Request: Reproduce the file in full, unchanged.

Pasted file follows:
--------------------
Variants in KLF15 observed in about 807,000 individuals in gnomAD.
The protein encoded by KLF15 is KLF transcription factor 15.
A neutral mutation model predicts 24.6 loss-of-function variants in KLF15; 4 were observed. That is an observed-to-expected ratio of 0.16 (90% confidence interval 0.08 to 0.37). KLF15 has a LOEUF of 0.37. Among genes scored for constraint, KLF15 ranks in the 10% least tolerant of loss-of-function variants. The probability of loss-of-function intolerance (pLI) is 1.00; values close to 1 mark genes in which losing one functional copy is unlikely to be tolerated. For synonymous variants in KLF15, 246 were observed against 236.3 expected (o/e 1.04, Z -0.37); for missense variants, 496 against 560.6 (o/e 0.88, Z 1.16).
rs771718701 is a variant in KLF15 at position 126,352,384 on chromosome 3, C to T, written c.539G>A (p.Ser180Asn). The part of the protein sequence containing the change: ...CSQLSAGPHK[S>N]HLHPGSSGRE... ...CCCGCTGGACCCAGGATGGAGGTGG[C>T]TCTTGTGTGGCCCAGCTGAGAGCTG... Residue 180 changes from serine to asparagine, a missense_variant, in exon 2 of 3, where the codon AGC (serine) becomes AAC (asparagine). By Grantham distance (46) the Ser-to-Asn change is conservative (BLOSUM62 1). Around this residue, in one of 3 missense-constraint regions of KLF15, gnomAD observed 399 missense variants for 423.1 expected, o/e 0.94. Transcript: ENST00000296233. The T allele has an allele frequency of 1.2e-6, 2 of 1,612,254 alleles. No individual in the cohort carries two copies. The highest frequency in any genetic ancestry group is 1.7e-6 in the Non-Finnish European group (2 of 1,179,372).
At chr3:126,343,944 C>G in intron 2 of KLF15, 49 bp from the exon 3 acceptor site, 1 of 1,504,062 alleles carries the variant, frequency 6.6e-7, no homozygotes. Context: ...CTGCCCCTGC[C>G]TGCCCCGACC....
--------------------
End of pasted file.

Variants in KLF15 observed in about 807,000 individuals in gnomAD.
The protein encoded by KLF15 is KLF transcription factor 15.
A neutral mutation model predicts 24.6 loss-of-function variants in KLF15; 4 were observed. That is an observed-to-expected ratio of 0.16 (90% confidence interval 0.08 to 0.37). KLF15 has a LOEUF of 0.37. Among genes scored for constraint, KLF15 ranks in the 10% least tolerant of loss-of-function variants. The probability of loss-of-function intolerance (pLI) is 1.00; values close to 1 mark genes in which losing one functional copy is unlikely to be tolerated. For synonymous variants in KLF15, 246 were observed against 236.3 expected (o/e 1.04, Z -0.37); for missense variants, 496 against 560.6 (o/e 0.88, Z 1.16).
rs771718701 is a variant in KLF15 at position 126,352,384 on chromosome 3, C to T, written c.539G>A (p.Ser180Asn). The part of the protein sequence containing the change: ...CSQLSAGPHK[S>N]HLHPGSSGRE... ...CCCGCTGGACCCAGGATGGAGGTGG[C>T]TCTTGTGTGGCCCAGCTGAGAGCTG... Residue 180 changes from serine to asparagine, a missense_variant, in exon 2 of 3, where the codon AGC (serine) becomes AAC (asparagine). By Grantham distance (46) the Ser-to-Asn change is conservative (BLOSUM62 1). Around this residue, in one of 3 missense-constraint regions of KLF15, gnomAD observed 399 missense variants for 423.1 expected, o/e 0.94. Transcript: ENST00000296233. The T allele has an allele frequency of 1.2e-6, 2 of 1,612,254 alleles. No individual in the cohort carries two copies. The highest frequency in any genetic ancestry group is 1.7e-6 in the Non-Finnish European group (2 of 1,179,372).
At chr3:126,343,944 C>G in intron 2 of KLF15, 49 bp from the exon 3 acceptor site, 1 of 1,504,062 alleles carries the variant, frequency 6.6e-7, no homozygotes. Context: ...CTGCCCCTGC[C>G]TGCCCCGACC....